Beekeepers and sometimes even their vegan defenders claim that if the bees didn't like the way they are treated, they would just fly away. Unfortunately, this intuitively attractive argument is wrong for numerous reasons.
The idea that bees would leave if they were unhappy gives the bees too much credit. They would have to comprehend the entire situation--that the beekeeper was responsible for what seem like isolated events--the replacement of the queen, the disappearance of half of the hive, the disappearance of their honey. Bees do object on a case-by-case basis when they protect the hive by stinging the beekeeper. Also, the beekeeper abuses the bees by stimulating their natural instincts and working the bees to death--how are the bees to recognize what is normal and what is induced by the human?
While Africanized honeybees will abscond (the entire colony leaves) if things aren't going well (e.g., a bear destroyed the hive or there are no food sources), European honeybees rarely abscond. Swarming, on the other hand, is nothing more than the natural method of reproduction--a new queen is raised and half of the colony will swarm with the old queen while the other half remains behind. And the bees do not just fly away in different directions. They will fly together and remain in one spot for several days while they decide where to build their new hive . This is another important difference between bees and cattle--a lone bee usually cannot make it on her own, she needs the support of a colony. If a lone bee did leave, occasionally a new colony will accept her, but most will kill her.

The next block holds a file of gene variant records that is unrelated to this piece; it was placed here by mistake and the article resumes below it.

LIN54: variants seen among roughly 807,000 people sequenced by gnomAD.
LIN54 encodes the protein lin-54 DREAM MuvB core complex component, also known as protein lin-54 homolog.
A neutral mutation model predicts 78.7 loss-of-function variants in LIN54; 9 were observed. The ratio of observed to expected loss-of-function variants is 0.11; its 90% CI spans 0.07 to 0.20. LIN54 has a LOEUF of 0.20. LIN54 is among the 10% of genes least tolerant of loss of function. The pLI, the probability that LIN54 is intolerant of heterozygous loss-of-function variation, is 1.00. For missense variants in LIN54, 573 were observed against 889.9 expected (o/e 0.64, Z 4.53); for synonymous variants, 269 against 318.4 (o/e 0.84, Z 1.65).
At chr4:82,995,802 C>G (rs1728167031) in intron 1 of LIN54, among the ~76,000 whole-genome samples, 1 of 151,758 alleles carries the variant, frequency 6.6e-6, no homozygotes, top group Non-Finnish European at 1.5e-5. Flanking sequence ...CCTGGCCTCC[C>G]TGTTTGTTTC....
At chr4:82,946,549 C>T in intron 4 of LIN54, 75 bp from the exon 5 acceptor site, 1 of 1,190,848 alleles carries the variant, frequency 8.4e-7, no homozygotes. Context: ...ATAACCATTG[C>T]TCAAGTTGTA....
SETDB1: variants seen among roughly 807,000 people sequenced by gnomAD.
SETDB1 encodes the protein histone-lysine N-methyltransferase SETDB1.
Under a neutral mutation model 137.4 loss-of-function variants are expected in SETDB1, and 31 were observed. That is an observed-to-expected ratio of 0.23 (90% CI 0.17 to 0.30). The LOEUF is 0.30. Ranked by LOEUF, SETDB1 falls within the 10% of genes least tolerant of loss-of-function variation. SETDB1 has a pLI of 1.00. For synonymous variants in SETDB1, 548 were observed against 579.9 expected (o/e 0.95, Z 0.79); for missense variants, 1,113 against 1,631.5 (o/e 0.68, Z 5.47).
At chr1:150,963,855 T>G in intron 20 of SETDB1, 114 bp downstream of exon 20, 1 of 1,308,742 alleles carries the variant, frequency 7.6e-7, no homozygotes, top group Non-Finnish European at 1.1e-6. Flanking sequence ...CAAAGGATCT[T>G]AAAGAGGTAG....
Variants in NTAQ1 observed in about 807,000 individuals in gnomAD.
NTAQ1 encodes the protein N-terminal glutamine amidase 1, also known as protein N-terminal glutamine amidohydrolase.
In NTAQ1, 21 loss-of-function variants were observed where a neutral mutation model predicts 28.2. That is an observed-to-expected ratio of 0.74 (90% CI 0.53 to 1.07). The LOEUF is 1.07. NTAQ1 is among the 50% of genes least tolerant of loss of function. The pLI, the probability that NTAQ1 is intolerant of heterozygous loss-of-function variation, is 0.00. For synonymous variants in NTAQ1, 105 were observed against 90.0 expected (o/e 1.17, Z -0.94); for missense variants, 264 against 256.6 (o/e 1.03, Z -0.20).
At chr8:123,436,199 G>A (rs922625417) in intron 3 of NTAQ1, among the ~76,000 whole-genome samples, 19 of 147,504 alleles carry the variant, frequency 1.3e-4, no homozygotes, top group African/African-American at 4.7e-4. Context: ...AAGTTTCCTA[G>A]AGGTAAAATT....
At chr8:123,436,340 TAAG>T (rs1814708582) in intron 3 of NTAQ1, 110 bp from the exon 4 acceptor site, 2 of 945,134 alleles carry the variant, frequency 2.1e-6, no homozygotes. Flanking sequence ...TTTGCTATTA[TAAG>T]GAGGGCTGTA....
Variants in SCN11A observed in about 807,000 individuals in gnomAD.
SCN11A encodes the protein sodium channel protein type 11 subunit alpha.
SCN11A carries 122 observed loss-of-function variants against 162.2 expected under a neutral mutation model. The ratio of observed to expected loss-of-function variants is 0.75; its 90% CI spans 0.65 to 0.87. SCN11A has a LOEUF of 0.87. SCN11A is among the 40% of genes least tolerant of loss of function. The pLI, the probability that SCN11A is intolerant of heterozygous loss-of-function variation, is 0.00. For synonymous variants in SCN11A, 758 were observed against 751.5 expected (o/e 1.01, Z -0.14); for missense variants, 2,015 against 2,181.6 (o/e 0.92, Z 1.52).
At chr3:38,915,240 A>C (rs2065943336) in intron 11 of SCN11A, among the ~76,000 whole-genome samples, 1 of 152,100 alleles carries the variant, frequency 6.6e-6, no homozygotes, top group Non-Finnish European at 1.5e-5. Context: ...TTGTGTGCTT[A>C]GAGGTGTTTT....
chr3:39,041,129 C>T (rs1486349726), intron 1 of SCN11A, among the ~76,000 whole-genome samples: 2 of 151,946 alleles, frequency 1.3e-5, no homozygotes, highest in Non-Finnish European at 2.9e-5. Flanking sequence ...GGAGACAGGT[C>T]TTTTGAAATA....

Perhaps the most important reason why the bees can't just fly away is because the beekeepers won't let them; beekeepers do their best to prevent swarming. Not only would they lose half of their bees, but a lot of preparation goes into swarming during which time the bees do not produce honey. Beekeepers can make sure the colony has enough room, reverse sections, and kill the old queen and replace her with a new one (older queens are much more likely to swarm than younger ones). If part of a colony tries to move to say, a nice hollow tree, they are captured and forced back into their human-made box. Since swarming requires a queen, the queen's wings are often clipped so that she cannot join in the swarm (this practice is much more common in the UK than the US). Additionally, if beekeepers find (or are told) that there is a swarm in the area, they will often go out and capture it. (I guess sometimes money does grow on trees.)
A beekeeper may tell you that they are helping the bees because in the wild, colonies swarm and then both the old and new colonies may die because they are small and ill-prepared for winter. But that is only half the story. Almost all feral colonies swarm in the spring. Then, at the end of the summer, 40% of the new colonies swarm again. It is these colonies that are unlikely to survive. Despite this, there is still a 60% increase in the number of colonies (Winston, 182). I don't understand why this is an issue. Honeybees managed to colonize the entire North American continent--they obviously have no problem reproducing (until recently, of course). A lot of free animals die over winter--it keeps the population in check. Should we start keeping deer because some of them die over the winter?